With Climate Change, Expect More Monster Winter Storms

“It’s sort of a double whammy,” Mann said. “The storms become more powerful and they contain more moisture.”

No single weather event can be directly attributed to climate change. But as the globe warms up, Americans can expect more storms like the one this week, scientists say.

That’s not because the Feb. 1 storm can be linked to rising atmospheric carbon dioxide levels or increasing global temperature—again, such a connection is impossible to make – but, according to climatologists, an increased propensity for winter storms is exactly what you’d expect in a warming world.

“There’s no inconsistency at all,” Michael Mann, the director of the Penn State Earth System Science Center, told LiveScience. “If anything, this is what the models project: that we see more of these very large snowfalls.”

Climate versus weather

Questions about climate often pop up when the weather is extreme. Droughts and heat waves trigger comments on the scourge of carbon dioxide. During winter storms like the one that lashed much of the east and midwest, skeptics question why they have to dig out their car from snowdrifts in a supposedly warming world.

Can Eating Less at Breakfast Help You Lose Weight?

“Overweight and obese subjects should consider the reduction of breakfast calories as a simple option to improve their daily energy balance,” the researchers said.

We’ve heard time and time again about the importance of eating breakfast but a new study suggests cutting back on what you eat in the morning might help you eat less during the rest of your waking hours.

The results show that, the more calories people eat at breakfast, the higher their total daily calorie intake is. This finding was true of both obese and normal weight people.

Participants ate around 500 to 550 calories for lunch and dinner, regardless of how much they ate for breakfast—it didn’t matter whether they skipped it entirely or had a hearty morning meal, the researchers said.

As a result, those who ate a big breakfast—on average, 400 calories more than a small breakfast—took in 400 extra calories during their day.

“While we often hear that breakfast is the most important meal of the day, this study reminds us that monitoring calories at breakfast is very important, too,” said Mary Ann Johnson, a professor of foods and nutrition at the University of Georgia and spokesperson for the American Society for Nutrition, who was not involved in the study. “The calories at breakfast do count toward overall daily intake.”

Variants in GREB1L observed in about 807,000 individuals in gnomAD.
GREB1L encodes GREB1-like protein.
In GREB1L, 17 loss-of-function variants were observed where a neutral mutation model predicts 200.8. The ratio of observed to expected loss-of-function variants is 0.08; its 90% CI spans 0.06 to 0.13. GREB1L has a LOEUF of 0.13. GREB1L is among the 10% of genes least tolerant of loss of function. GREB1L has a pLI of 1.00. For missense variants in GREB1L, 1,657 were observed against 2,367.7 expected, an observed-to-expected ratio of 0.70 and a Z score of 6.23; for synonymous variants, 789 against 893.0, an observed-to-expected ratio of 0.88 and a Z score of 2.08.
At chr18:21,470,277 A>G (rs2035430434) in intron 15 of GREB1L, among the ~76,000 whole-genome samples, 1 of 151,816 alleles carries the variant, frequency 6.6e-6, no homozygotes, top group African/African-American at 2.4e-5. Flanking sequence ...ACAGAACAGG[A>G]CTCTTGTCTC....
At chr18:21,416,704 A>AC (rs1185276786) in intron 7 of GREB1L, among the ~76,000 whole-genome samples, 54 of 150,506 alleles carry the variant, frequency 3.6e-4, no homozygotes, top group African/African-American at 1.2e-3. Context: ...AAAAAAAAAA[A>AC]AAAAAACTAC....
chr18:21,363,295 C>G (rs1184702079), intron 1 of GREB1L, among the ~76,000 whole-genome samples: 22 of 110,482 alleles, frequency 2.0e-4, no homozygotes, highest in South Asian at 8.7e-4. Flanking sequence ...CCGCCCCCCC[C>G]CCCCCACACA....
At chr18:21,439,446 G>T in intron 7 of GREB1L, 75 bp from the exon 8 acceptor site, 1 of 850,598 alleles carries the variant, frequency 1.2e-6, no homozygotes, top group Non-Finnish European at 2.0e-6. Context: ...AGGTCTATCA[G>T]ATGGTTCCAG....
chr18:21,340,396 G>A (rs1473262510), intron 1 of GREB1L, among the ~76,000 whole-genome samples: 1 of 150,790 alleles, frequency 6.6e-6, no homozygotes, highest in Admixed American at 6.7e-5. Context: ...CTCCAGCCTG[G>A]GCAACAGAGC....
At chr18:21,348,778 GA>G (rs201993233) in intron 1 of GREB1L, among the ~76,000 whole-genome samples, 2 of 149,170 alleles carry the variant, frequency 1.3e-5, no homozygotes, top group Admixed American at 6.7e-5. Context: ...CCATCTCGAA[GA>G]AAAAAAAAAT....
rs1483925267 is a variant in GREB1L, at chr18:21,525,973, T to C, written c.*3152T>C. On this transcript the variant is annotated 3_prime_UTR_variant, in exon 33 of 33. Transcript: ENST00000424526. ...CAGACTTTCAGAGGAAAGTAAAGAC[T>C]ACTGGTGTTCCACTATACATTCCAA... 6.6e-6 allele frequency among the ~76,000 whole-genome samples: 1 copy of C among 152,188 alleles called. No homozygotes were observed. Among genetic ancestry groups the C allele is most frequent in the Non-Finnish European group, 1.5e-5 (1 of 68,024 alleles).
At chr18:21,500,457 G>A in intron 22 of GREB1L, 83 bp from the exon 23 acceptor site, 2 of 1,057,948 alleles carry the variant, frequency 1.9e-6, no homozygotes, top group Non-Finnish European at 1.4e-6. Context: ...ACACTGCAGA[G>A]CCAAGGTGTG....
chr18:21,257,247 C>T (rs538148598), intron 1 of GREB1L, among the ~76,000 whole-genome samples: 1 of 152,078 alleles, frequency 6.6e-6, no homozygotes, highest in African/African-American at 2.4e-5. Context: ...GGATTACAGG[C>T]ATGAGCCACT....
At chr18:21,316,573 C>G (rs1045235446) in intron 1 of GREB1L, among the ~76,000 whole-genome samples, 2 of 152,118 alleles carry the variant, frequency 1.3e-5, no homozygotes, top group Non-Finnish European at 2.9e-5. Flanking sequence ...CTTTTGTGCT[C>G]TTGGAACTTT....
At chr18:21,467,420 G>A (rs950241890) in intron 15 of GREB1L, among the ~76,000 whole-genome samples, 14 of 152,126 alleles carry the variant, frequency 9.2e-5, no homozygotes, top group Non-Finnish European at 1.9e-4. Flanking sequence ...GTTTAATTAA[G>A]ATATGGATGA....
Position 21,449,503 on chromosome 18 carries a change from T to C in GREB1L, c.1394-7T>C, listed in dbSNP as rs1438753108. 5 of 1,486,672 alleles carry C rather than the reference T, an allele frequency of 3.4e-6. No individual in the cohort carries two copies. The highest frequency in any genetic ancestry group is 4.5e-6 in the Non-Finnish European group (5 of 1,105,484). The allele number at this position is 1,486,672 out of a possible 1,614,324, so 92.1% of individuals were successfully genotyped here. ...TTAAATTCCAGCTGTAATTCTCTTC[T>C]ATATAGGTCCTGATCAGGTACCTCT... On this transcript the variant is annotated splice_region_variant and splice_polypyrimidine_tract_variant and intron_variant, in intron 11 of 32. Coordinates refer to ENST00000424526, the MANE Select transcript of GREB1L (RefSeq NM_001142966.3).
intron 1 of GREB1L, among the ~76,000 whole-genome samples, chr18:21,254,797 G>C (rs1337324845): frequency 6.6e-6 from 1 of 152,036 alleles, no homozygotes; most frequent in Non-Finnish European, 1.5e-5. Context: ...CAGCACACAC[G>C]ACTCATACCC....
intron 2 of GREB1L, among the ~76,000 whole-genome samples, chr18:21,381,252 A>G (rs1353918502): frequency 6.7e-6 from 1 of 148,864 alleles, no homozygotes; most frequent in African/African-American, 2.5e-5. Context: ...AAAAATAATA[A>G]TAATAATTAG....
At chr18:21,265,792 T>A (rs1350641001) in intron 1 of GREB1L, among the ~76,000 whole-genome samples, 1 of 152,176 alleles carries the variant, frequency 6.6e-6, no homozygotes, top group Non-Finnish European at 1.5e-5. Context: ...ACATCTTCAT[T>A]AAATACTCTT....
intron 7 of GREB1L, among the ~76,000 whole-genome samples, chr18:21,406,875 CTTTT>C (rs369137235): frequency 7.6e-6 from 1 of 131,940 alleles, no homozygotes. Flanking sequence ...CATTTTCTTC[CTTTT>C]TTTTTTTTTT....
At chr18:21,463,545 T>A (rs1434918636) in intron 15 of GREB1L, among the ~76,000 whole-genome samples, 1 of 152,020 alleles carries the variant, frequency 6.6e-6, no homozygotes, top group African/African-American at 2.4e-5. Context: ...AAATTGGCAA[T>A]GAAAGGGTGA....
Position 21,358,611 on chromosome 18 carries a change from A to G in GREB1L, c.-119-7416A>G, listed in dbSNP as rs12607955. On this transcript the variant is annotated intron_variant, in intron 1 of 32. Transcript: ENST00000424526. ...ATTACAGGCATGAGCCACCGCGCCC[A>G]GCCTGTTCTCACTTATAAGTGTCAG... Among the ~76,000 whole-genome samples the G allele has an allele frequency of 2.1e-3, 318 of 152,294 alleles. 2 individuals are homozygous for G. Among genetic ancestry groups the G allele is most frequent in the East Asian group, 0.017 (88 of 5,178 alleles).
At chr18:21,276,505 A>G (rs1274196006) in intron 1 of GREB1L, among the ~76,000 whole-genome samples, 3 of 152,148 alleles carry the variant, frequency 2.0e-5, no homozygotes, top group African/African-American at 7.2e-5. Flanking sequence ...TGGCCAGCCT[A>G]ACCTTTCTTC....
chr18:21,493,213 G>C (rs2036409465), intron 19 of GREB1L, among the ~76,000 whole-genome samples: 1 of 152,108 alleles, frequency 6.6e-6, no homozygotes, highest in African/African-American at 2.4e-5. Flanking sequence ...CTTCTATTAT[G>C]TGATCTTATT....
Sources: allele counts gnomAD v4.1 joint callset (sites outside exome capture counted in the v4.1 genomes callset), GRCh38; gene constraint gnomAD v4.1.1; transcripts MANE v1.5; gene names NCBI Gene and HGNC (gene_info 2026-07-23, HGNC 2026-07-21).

Dinosaur Graveyard Reveals Oldest T. Rex Relative

Weighing only 10-15 pounds and about 4 feet in length from snout to tail tip, pint-sized Eodromaeus may be the oldest ancestor to date of all meat-eating dinosaurs, including T. rex. Illustration by Todd Marshall.

What may be the earliest known relative of T. rex and all meat-eating dinosaurs has been discovered. The dog-sized mini-predator would’ve made its future relatives proud as it fed on small dinosaurs and the young of other reptiles, and is now shaking up what scientists had previously learned about the evolution of those extinct giants.

The small, lanky, two-legged carnivore named Eodromaeus murphi—Eodromaeus being Greek for “dawn runner,” murphi in honor of field volunteer Jim Murphy—weighed only 10 to 15 lbs (4.5 to 6.8 kg) and measured about 4 ft (1.2 m) in length from snout to tail. The skeletons of two specimens were discovered side-by-side in 230-million-year-old iron-rich stone in the “Valley of the Moon” at the foothills of the Andes in northeastern Argentina, which was once the southwest corner of the supercontinent Pangaea.

“With a hike across the valley, you literally walk over the graveyard of the earliest dinosaurs to a time when they ultimately dominate,” said researcher Ricardo Martinez, a paleontologist at the National University of San Juan in Argentina.

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